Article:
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September 6, 2017

Meteorologist in Brazil warn Farmers to keep Close Watch on Weather

Brazilian farmers will be allowed to start planting their 2017/18 soybeans in a little as 5 days in the state of Parana (soybean planting may start on September 10th), but meteorologists in Brazil are warning farmers not to get too anxious to rush to the fields and start planting soybeans. In the state of Mato Grosso they are allowed to start planting their 2017/18 soybeans on September 15th.

In an interview with Noticias Agricolas, the chief forecaster for Inmet, Morgana Almeida, indicated that farmers need to be cautious with their planting plans in September and October. She if forecasting 1-2 inches of precipitation in southern Brazil by September 20th, but an inch or less of rainfall in Mato Grosso and central Brazil by September 20th. She does not see widespread summer rains falling in Brazil until the end of October.

The meteorological consulting firm Climatempo agrees with Inmet and is forecasting a somewhat slow start to the summer rains in southern, southeastern, and the center-west regions of Brazil. They are also not forecasting any widespread summer rains until the end of October.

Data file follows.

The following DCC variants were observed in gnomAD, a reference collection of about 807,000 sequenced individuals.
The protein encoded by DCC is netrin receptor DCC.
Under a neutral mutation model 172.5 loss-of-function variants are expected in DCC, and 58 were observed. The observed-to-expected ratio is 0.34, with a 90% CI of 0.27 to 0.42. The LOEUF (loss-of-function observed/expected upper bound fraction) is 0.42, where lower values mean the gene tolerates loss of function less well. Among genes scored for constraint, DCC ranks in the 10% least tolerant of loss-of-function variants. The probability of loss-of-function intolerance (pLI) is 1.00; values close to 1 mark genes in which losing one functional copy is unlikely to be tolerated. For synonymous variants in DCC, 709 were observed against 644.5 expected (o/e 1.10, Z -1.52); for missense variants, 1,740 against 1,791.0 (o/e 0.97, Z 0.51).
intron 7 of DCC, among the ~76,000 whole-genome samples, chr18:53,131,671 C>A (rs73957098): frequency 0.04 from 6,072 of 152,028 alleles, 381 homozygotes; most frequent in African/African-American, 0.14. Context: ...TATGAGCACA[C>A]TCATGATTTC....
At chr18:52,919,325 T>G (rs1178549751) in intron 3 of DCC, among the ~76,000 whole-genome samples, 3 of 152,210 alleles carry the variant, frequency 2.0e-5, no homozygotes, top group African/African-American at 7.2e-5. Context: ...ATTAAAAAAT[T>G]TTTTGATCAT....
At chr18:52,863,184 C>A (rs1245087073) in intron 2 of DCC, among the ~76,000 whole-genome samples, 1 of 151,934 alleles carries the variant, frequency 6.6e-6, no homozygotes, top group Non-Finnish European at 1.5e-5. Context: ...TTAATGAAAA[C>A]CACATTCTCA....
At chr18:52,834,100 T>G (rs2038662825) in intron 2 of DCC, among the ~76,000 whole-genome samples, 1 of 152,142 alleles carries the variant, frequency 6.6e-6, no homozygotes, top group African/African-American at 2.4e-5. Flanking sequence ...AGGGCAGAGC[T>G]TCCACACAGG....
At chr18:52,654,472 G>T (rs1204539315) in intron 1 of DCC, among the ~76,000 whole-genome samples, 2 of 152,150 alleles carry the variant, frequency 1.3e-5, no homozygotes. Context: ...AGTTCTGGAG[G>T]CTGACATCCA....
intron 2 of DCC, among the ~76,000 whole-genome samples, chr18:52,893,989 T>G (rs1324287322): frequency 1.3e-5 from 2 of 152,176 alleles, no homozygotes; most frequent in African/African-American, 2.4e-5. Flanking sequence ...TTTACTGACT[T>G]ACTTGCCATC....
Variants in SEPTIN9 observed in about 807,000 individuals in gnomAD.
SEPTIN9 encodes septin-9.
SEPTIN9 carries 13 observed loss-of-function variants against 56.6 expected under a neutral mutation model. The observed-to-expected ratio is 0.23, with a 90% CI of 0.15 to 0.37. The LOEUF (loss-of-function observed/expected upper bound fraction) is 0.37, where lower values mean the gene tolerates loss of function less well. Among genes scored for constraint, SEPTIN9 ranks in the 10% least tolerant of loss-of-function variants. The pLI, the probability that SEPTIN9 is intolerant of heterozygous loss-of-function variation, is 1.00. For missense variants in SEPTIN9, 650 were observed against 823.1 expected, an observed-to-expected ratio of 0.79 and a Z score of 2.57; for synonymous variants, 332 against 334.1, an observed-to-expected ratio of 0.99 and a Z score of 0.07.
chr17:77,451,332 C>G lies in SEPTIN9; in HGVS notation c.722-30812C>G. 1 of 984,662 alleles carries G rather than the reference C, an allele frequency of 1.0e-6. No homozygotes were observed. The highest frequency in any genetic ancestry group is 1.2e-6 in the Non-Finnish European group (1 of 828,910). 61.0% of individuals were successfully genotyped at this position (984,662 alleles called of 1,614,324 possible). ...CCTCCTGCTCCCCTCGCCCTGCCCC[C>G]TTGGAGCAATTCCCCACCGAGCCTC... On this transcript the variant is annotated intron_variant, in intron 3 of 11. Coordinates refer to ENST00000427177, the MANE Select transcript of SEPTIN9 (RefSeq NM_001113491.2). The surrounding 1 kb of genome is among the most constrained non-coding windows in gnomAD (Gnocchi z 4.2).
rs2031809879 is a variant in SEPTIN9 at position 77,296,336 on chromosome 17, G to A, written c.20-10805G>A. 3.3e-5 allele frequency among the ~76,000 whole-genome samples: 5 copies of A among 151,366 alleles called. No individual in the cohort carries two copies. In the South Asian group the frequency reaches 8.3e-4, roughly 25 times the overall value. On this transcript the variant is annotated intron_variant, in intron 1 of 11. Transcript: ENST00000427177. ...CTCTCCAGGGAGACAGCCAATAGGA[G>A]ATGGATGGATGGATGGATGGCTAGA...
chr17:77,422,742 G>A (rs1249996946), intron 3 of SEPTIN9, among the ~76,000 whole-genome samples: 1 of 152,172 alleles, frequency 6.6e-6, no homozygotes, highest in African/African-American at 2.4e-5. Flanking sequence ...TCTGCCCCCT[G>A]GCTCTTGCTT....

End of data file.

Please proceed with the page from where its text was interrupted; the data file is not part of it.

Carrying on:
Part of reason why they think the start of the summer rains will be delayed is the fact that the waters in the Pacific Ocean are still technically in a neutral position, not an El Nino or a La Nina. A neutral Pacific Ocean can result in a lot of variability in the rainfall especially in southern Brazil during September and October.

This uncertainly poses a dilemma for farmers in southern Brazil who want to plant their soybeans as quickly as possible to get ahead of problems associated with soybean rust and to allow more time for a second crop of corn. September and October can be very hot in Brazil and if farmers plant their soybeans right after the first rains, there is a risk of hot and dry weather for several weeks after planting. If that does occur, it is likely that the soybeans will have to be replanted when the rains become more widespread.

If Brazilian soybeans are planted later than normal, they can still produce a good yield if the weather during the remainder of the growing season is favorable. The biggest impact from a delay in getting the soybeans planted might be on the safrinha corn crop. If the soybeans are planted a month late, then they will be harvested a month late and as a result, the safrinha corn would be planted a month late as well.

While planting the soybeans later than normal may not impact the soybean yields, planting the safrinha corn later than normal could potentially have a big impact on the safrinha corn yields. Additionally, Brazilian farmers continue to plant more of their corn as the safrinha crop. In 2017/18, as much as 70% of Brazil's total corn crop could be produced as the safrinha crop.

If the waters in the Pacific Ocean remain in a state of neutrality through the end of the year, the odds of repeating the record soybean and corn yields of the 2016/17 growing season are slim. The weather during the 2016/17 growing season was nearly ideal and a repeat of those good conditions is not expected in 2017/18.